Wiley’s sales and operating income have been hit in its second quarter due to a weak higher education market and tighter library budgets, and the company plans restructuring, the publisher has announced.
In results posted yesterday (10th December), Wiley recorded a 3% dip in revenue for its second quarter ending 31st October to $431.8m (£268.5m), and its operating income stooped by 13% to $62.9m (£39.1m) as the company blamed global retail channels which “continue to be soft”.
Chief executive Steven Smith said that due to permanent changes in some consumer behaviour, it is preparing a restructuring programme that will better align its costs "with current and expected market conditions as they impact our traditional print business". The restructuring will result in “substantial” reductions in operating expenses from a combination of “lower cost of procurement related to outside vendor services, cost of sales improvements and direct expense savings globally", but more details won’t be released until March, the company said.
After selling travel assets, including Frommers, to Google for $22m (£33.7m), Wiley reiterated yesterday that it would continue to look to sell off print and digital assets “that no longer align” with its long-term strategy, including assets in pets, crafts, nautical and general interest categories.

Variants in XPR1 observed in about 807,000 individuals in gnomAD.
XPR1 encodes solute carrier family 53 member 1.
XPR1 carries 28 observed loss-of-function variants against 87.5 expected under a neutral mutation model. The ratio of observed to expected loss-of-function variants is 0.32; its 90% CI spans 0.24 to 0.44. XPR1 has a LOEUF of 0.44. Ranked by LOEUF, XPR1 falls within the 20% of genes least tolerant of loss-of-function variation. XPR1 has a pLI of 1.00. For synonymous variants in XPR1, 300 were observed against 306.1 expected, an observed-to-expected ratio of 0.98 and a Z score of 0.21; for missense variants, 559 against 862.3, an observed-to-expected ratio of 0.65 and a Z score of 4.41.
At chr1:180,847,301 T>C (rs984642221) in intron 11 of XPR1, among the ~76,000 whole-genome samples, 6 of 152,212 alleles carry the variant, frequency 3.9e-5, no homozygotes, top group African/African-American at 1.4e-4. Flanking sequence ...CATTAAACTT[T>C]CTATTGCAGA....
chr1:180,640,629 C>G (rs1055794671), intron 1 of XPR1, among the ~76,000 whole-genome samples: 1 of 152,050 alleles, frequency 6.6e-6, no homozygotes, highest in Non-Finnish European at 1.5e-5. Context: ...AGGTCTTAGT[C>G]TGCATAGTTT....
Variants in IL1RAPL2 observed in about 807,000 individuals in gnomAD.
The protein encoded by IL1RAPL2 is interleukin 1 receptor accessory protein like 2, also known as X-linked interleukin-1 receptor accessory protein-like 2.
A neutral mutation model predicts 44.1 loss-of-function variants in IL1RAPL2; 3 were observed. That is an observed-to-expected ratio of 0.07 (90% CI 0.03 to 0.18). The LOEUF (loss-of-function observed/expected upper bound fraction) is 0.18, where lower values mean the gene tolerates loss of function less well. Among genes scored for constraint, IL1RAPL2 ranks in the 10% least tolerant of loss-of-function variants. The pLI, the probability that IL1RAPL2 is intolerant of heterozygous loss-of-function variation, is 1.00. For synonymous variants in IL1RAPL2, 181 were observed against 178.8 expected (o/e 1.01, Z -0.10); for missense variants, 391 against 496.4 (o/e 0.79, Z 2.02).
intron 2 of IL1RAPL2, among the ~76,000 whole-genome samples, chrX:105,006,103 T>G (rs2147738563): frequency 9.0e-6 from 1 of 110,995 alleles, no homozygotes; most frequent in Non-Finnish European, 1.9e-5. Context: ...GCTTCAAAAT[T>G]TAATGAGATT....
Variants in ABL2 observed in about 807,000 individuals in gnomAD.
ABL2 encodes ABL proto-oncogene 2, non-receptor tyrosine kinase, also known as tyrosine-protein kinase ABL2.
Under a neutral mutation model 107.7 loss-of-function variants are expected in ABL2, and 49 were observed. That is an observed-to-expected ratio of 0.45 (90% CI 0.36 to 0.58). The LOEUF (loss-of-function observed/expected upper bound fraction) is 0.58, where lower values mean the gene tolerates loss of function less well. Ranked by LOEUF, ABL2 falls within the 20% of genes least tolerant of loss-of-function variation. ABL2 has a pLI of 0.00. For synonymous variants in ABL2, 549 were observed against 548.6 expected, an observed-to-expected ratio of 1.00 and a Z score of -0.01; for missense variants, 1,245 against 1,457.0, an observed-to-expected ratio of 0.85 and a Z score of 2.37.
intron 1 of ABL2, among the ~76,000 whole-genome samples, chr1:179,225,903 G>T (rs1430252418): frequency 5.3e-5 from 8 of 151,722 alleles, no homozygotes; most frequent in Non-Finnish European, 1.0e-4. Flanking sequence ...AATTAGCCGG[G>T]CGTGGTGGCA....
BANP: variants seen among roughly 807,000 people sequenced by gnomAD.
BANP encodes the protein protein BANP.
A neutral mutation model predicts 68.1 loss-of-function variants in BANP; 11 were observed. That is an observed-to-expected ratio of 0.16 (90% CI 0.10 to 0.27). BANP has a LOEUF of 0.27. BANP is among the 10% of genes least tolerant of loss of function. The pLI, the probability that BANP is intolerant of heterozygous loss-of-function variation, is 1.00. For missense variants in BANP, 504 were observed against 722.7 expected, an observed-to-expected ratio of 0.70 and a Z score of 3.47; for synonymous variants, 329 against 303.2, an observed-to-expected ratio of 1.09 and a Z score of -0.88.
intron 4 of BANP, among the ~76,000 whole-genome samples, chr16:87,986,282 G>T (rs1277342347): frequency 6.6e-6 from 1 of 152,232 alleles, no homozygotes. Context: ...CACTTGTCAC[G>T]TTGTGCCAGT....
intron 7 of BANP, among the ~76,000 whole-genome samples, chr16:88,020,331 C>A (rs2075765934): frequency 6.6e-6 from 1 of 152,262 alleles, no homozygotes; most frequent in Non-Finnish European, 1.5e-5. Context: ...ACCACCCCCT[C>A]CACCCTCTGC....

It flagged up its purchase of online education service provider Deltak in October this year for $220m (£137m) a means of “helping Wiley to reposition its global education business” as the company generally positions itself to focus “almost exclusively on professionals in select fields".
Wiley’s Science, Technical, Medical and Scholarly (STMS) products had been impacted by tightening library budgets across the world but there was solid growth in articles accessed, funded open access revenue and digital book revenue, the company said. Digital book revenue now accounts for 20% of STMS book sales.
Steve Smith, president and chief executive of Wiley said: “Our results this quarter and through the first half of the year have been disappointing. The higher education textbook market has been much weaker than expected, a result of lower for-profit enrollments and shifting consumer behaviour.
"However, we are excited about the Deltak acquisition and its attractive growth prospects as a provider of online programmes for traditional universities.”
Smith added that America’s Hurricane Sandy had impacted on the business and forced its Hoboken office to close for a few days. He said: “Hurricane Sandy had a profound impact on some of our New Jersey and New York colleagues this quarter, and our thoughts are with them and all of those severely impacted by the storm . . . Because it happened at the end of our fiscal quarter, about $4m of revenue were delayed but it will be fully recovered in the third quarter.”